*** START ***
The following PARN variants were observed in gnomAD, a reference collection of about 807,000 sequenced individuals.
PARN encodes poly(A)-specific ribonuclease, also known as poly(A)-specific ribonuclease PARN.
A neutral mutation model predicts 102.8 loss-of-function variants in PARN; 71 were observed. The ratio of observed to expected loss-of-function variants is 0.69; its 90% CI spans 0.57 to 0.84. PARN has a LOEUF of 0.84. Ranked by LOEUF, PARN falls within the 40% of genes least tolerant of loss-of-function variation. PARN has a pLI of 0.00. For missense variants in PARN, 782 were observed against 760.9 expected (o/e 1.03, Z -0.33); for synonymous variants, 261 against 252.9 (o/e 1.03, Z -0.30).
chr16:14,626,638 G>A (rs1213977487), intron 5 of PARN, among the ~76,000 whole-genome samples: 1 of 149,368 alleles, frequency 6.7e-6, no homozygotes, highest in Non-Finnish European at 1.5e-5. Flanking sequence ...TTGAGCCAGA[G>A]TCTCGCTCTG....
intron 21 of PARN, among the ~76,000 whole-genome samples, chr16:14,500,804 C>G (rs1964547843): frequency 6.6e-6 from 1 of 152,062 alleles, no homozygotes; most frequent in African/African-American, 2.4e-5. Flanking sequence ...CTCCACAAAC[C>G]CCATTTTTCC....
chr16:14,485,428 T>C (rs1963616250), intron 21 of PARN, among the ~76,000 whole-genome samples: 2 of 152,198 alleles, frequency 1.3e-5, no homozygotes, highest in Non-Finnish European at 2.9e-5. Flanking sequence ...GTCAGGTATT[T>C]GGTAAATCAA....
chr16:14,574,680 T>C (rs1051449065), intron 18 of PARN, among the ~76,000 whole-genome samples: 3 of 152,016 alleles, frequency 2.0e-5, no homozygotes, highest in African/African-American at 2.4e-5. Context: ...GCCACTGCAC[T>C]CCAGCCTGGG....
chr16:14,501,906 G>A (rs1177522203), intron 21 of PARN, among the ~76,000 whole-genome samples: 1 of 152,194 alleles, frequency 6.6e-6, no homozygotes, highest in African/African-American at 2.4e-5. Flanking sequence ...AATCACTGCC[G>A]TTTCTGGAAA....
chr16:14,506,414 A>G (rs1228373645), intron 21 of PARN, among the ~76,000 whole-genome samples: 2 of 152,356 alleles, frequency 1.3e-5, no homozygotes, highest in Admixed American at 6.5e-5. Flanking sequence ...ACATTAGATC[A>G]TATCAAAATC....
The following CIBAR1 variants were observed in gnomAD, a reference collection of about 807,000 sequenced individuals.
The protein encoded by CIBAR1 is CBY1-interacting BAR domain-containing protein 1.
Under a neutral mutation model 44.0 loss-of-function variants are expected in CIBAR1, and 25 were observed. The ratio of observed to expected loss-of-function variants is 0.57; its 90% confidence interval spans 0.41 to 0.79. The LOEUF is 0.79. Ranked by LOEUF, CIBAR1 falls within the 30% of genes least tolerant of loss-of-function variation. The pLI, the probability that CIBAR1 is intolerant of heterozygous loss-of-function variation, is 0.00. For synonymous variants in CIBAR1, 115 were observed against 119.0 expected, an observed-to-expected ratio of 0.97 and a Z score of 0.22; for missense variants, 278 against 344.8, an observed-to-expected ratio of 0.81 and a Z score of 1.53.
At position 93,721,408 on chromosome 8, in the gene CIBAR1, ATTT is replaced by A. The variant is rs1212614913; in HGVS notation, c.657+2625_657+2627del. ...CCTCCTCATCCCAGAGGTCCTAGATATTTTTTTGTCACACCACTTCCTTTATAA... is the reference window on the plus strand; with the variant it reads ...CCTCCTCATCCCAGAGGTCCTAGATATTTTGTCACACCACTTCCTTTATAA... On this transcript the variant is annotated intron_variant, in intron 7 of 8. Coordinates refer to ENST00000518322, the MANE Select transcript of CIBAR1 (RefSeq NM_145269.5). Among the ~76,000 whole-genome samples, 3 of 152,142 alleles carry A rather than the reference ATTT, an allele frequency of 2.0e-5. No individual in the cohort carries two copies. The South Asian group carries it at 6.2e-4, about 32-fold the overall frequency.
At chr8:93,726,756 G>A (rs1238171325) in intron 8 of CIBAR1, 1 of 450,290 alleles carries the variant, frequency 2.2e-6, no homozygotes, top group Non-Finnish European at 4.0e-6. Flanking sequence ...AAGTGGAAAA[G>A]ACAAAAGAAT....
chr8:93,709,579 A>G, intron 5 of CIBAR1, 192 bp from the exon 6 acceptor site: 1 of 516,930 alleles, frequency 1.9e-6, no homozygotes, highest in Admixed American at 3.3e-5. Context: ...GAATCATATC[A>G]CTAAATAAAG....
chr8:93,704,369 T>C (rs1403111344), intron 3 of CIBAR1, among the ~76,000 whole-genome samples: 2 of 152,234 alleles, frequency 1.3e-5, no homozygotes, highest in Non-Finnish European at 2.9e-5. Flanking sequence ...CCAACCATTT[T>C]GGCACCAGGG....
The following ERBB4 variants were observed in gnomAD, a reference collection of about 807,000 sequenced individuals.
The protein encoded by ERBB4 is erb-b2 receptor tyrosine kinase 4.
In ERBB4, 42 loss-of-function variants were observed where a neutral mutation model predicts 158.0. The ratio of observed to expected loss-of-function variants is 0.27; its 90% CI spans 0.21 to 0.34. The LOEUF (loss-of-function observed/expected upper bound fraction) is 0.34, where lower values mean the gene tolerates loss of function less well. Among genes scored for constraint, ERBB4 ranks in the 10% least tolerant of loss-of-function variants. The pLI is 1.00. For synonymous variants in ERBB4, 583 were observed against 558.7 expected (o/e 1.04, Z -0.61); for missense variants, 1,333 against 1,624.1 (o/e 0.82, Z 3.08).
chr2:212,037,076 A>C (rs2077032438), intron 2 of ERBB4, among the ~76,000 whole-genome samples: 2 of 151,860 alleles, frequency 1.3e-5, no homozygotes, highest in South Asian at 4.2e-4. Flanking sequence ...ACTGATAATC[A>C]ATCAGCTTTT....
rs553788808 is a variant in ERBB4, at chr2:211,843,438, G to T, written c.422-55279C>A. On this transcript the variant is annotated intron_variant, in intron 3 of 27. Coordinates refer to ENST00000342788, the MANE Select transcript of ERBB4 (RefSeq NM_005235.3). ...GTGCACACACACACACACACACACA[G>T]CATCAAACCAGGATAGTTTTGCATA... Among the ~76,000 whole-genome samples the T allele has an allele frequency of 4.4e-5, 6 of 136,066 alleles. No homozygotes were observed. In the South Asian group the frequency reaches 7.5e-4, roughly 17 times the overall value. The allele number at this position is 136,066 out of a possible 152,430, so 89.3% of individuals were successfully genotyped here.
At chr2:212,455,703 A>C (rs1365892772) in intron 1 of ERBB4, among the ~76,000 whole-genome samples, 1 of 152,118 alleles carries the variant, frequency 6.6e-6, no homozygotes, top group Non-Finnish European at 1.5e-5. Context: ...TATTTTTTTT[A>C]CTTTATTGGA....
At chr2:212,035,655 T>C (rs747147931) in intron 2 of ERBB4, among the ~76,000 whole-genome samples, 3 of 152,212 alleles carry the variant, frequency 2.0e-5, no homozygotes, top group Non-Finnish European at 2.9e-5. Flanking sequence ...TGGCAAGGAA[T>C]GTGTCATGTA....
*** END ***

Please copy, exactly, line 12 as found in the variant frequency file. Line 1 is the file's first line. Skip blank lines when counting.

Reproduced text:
Under a neutral mutation model 44.0 loss-of-function variants are expected in CIBAR1, and 25 were observed. The ratio of observed to expected loss-of-function variants is 0.57; its 90% confidence interval spans 0.41 to 0.79. The LOEUF is 0.79. Ranked by LOEUF, CIBAR1 falls within the 30% of genes least tolerant of loss-of-function variation. The pLI, the probability that CIBAR1 is intolerant of heterozygous loss-of-function variation, is 0.00. For synonymous variants in CIBAR1, 115 were observed against 119.0 expected, an observed-to-expected ratio of 0.97 and a Z score of 0.22; for missense variants, 278 against 344.8, an observed-to-expected ratio of 0.81 and a Z score of 1.53.